UNITED STATES DISTRICT COURT WESTERN DISTRICT OF LOUISIANA LAFAYETTE-OPELOUSAS DIVISION UNION PACIFIC RAILROAD CO. VS. STINE LLC Defendant/Counter -claimant STINE, INC. CIVIL ACTION NO. 06-0860 JUDGE MINALDI MAGISTRATE JUDGE METHVIN RULING ON STINE LLC'S MOTION FOR PARTIAL RECONSIDERATION (Rec. Doc. 53) Before the court is defendant Stine LLC's motion for partial reconsideration of a minute entry entered by the district judge on March 21, 2009. The portion of the minute entry requested to be reconsidered is the court's statement that this case has been refened, by consent of the parties, to the undersigned magistrate judge for all proceedings, including entry of judgment.1 Stine contends that the parties did not consent to the exercise of jurisdiction by a magistrate judge, and seeks re-assignment to the district court for all further proceedings. 1 The Minute Entry (Rec. Doe. 53) states: This minute entry shall serve as clarification that the ~indersigned lacks jrnisdiction to resolve this case. On October 10, 2006, this case was referred to "the United States Magistrate J~idgeor all further proceedings and entry of j~idgment"p~irs~iano 28 U.S.C. 636(c) [doe. 10]. f tt This case was s~ibsequently tayed and eventually reassigned. It was erroneo~isly eassigned back s r to the ~indersigned, when the newly-assigned Magistrate J~idge hould have been assigned as the s presiding judge. Because this case was referred pursuant to 28 U.S.C. 636(c), The May 11, 2009 trial date before this Court is hereby UPSET; The Clerk of Court is hereby ORDERED to transfer all dispositive motions that were erroneously assigned to the undersigned Magistrate Judge Methvin for disposition. Stine avers that the parties do not object to the portion of the minute entry upsetting the May 11, 2009 trial date. 2 As of this date, no opposition to the request for reconsideration has been filed, and the deadline for the filing of an opposition has expired.2 Issue Presented The sole issue is whether this case was properly referred to a magistrate judge pursuant to 28 U.S.C. 636(c). Stine contends that the parties did not file written consent forms, and that timely objections were filed to any implied consent in accordance with the deadlines entered by the court. Facts Presented Union Pacific filed the complaint in this matter on May 23, 2006, and the case was assigned to District Judge Minaldi and Magistrate Judge Wilson. On August 22, 2006, a Scheduling Conference Order was entered which, among other things, directed the parties to complete an election form regarding exercise of jurisdiction by a magistrate judge. The parties were warned that a failure to return the form would be deemed a "consent in fact" to the exercise of such jurisdiction.3 2 The Notice of Motion Setting dated April 9, provides, "[a]ny party who opposes the motion may file a memorandum in opposition within fifteen (15) calendar days from the date of this notice. . . OPPOSITION TO THE MOTION MUST BE TIMELY OR THE MOTION WILL BE CONSIDERED UNOPPOSED." (Id.). Thus, Union Pacific's opposition was due on or before April 24, 2009. The Scheduling Order directed the parties to: *** 4) Discuss whether all are willing to consent to trial by the magistrate judge. Any party is free to not consent to the exercise of such jurisdiction by the magistrate judge without adverse substantive consequences. However, all parties shall indicate their election on the attached form and return it at least 20 days prior to the scheduling conference. . . . Any party thatfails to make an election and return theform... in a timely manner will be considered as having consented, in fact, to the magistrate's exercise of case-dispositive jurisdiction pursuant to 28 U.S.C. 636(c). Rec. Doe. 9 (emphasis supplied, footnote omitted). 3 The parties filed neither a consent form nor any objection to the exercise of casedispositive jurisdiction by the assigned magistrate. Accordingly, Judge Minaldi entered an order of reference on October 11, 2006, which stated: As it appears, either in writing or in fact, all parties have consented to a magistrate judge conducting any and all proceedings in this civil matter as authorized by 28 U.S.C. 636(c); IT IS HEREBY ORDERED that the above-captioned matter is refened to the United States Magistrate Judge for all further proceedings and entry of judgment.4 A footnote to the order gave all parties a last opportunity to object to the reference: If any party, who has not consented in writing to the refenal to the magistrate judge files a written objection to this order at least 5 days prior to the scheduling conference then this order will be vacated and the matter will be referred back to the district judge."5 Accordingly, objections to the reference were due no later that five days prior to the Scheduling Conference which was then set for November 16, 2006.6 However, more than five days prior to the conference, on November 9, 2006, Magistrate Judge Wilson entered an order staying the case for six months, stating: The parties are attempting to amicably resolve their differences and are making progress. This matter is stayed for a period of six months from this date. At the end of that time, if this matter has not been amicably resolved, counsel shall initiate a telephone status conference with the undersigned."7 ~ Rec. Doe. 10. Rec. Doe. 10, fn 1 (emphasis supplied). 6 The original date of the scheduling conference was October 16, but it was continued until November 16, 2006 by minute entry dated October 12, 2006. See Docket entry dated October 12, 2006, un-numbered. ~ Rec. Doe. 12. 4 Magistrate Judge Wilson left the service of the court in December, 2007, and in January, 2008, in an apparent administrative enor, the Clerk re-assigned the case to Judge Minaldi and the undersigned Magistrate Judge. At the request of counsel, the undersigned entered an order lifting the stay on February 19, 2008. Two days later, on February 21, counsel for Stine filed a refusal to consent to the exercise of jurisdiction by a magistrate judge. Since the Scheduling Conference was not held until April 2, 2008, Stine's objection was received well before the deadline of "five days prior to the scheduling conference." Applicable Law Under 28 U.S.C. magistrate judge. . . 636(c)(1), "Upon the consent of the parties, a full-time United States may conduct any or all proceedings in a jury or nonjury civil matter and order the entry of judgment in the case, when specially designated to exercise such jurisdiction by the district court or courts he serves." In Roell v. Withrow, 538 U.S. 580, 585 (2003), the United States Supreme Court held that consent can be inferred from a party's conduct during litigation. In that case, Michael Withrow, a Texas state prisoner, brought a civil rights suit against three members of the prison's medical staff, claiming they were deliberately indifferent to his medical needs in violation of the Eighth Amendment. During a hearing, the magistrate judge told the plaintiff that he could to choose to have her rather than the district judge preside over the case. The plaintiff consented orally (and later in writing); however, the defense lawyer standing in at the hearing deferred the defendants' decision to the lawyers assigned to the case. Defendants did not file consents; nonetheless, the case was referred by the district judge to the magistrate judge for all 5 proceedings. Counsel for one of the defendants subsequently signed a consent form, but two others did not. On several occasions, the magistrate judge noted that the parties had consented to her jurisdiction. The case concluded in a jury verdict for the defendants. Withrow appealed, and the Fifth Circuit sua sponte remanded to the district court to determine whether the parties had consented to the jurisdiction of the magistrate judge. At that time, the two defendants who had not filed formal consents, did so. The district court, adopting the recommendation of the assigned magistrate judge, found that the two defendants in question had clearly implied their consent because they voluntarily participated in the proceedings without voicing objection when the magistrate judge stated she believed they had consented. However, the court concluded that under Fifth Circuit jurisprudence, consent cannot be implied, and that therefore the magistrate judge lacked jurisdiction to try the case, despite the post-judgment consent forms. The Fifth Circuit affirmed, and the Supreme Court granted certiorari. On review, the Supreme Court reversed, finding that under the facts presented, consent under 636(c)(1) could be inferred. The Court found that counsel was made aware of the need for consent and the right to refuse it, and still appeared voluntarily to try the case to jury verdict before the magistrate judge, without objection. The court determined that defendants had clearly implied their consent under these facts. Discussion The facts presented here can be distinguished from those in Roell. It is true that in the early stages of the litigation, Stine appeared to consent to the magistrate judge's dispositive jurisdiction by failing to return the consent form indicating "yea" or "nay," and then failing to 6 object to the district judge's refenal order. However, in accordance with the court's own order, Stine had one more deadline to expressly state its intentions regarding consent jurisdiction. Stine complied with that deadline by filing, well before "5 days prior to the Scheduling Order," by filing a refusal to consent, and objection to the order of referral. Unlike the facts of Roell, Stine has not conducted itself in a manner that would imply its consent to the magistrate judge's exercise of case-dispositive jurisdiction. Based upon the factds presented, the undersigned concludes that there has been neither an express or implied consent to the exercise of dispositive jurisdiction by a magistrate judge, and the case should be re-assigned to Judge Minaldi for all further proceedings. IT IS THEREFORE ordered that the motion for partial reconsideration is GRANTED. The Clerk is directed to re-assign the matter, including all pending dispositive motions, to Judge Minaldi for all further proceedings. Signed at Lafayette, Louisiana, on June 15, 2009. E. Methvrn United Sta~cs agistrate Judge M 800 Lafayette St. Suite 3500 Laf~ivette,Louisiana 705W (337) 593~5~4(phone) 593-5155 fax) O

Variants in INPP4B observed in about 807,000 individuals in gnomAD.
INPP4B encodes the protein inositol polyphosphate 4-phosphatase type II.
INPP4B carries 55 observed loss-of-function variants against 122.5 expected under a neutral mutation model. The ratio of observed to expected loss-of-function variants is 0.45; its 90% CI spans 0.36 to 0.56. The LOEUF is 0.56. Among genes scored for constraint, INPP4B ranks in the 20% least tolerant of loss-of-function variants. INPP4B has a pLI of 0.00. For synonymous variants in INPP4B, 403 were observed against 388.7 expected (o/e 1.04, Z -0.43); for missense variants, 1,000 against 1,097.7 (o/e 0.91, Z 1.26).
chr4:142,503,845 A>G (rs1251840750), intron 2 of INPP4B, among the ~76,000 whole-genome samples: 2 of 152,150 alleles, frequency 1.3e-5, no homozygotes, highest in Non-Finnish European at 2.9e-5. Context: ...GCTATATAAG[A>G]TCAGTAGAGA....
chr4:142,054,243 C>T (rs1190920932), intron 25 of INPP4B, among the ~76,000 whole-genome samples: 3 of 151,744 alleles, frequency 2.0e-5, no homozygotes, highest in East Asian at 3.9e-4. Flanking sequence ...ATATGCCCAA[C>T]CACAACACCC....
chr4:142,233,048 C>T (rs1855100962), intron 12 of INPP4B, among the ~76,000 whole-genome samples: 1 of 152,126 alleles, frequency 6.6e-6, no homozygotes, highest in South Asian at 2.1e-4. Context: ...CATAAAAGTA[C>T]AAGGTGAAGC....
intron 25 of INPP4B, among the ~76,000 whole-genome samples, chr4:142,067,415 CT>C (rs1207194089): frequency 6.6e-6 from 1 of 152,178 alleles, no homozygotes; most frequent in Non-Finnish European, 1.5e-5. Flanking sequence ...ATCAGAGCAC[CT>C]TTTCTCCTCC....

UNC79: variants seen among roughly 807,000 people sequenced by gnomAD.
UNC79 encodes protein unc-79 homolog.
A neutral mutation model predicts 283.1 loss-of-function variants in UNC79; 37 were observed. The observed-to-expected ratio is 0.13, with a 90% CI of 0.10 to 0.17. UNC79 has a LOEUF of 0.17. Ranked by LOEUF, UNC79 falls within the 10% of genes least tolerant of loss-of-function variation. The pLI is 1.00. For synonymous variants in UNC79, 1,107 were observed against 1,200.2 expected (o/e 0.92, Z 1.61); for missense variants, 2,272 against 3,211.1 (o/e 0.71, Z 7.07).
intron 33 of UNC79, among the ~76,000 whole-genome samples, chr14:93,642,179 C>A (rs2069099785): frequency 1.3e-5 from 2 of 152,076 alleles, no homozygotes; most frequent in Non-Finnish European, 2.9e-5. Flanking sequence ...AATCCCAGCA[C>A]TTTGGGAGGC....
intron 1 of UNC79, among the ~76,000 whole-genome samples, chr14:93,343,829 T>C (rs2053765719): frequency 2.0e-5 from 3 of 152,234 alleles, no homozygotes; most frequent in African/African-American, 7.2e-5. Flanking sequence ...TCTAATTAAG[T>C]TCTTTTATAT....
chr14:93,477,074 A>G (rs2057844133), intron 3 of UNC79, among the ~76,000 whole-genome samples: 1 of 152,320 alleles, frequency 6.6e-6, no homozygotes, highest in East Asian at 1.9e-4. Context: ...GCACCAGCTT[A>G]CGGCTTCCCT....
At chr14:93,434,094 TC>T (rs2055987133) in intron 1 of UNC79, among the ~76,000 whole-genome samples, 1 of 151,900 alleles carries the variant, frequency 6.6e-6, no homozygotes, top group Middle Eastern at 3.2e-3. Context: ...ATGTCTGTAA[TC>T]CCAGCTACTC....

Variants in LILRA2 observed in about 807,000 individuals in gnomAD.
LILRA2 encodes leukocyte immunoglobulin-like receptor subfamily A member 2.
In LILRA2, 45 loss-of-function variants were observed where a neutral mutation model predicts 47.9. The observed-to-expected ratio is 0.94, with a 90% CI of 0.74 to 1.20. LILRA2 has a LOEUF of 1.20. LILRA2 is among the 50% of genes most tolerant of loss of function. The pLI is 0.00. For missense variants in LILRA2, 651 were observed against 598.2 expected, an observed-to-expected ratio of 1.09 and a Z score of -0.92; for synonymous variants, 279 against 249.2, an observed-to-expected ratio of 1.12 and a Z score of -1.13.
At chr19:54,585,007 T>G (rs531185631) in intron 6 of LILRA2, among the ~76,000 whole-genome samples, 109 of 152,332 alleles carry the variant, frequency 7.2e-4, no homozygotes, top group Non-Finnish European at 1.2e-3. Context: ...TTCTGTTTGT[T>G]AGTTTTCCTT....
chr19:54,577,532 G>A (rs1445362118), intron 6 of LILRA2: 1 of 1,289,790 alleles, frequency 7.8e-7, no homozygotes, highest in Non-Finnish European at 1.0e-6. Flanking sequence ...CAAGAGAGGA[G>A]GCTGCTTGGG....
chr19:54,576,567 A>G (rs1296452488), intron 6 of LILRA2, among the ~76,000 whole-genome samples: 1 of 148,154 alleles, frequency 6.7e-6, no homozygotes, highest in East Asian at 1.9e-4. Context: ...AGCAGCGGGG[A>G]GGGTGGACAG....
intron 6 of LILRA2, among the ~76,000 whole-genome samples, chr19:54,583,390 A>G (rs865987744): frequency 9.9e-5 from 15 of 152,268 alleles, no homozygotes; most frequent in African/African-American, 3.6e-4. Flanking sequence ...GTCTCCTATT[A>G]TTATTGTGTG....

Disclaimer: Justia Dockets & Filings provides public litigation records from the federal appellate and district courts. These filings and docket sheets should not be considered findings of fact or liability, nor do they necessarily reflect the view of Justia.

Why Is My Information Online?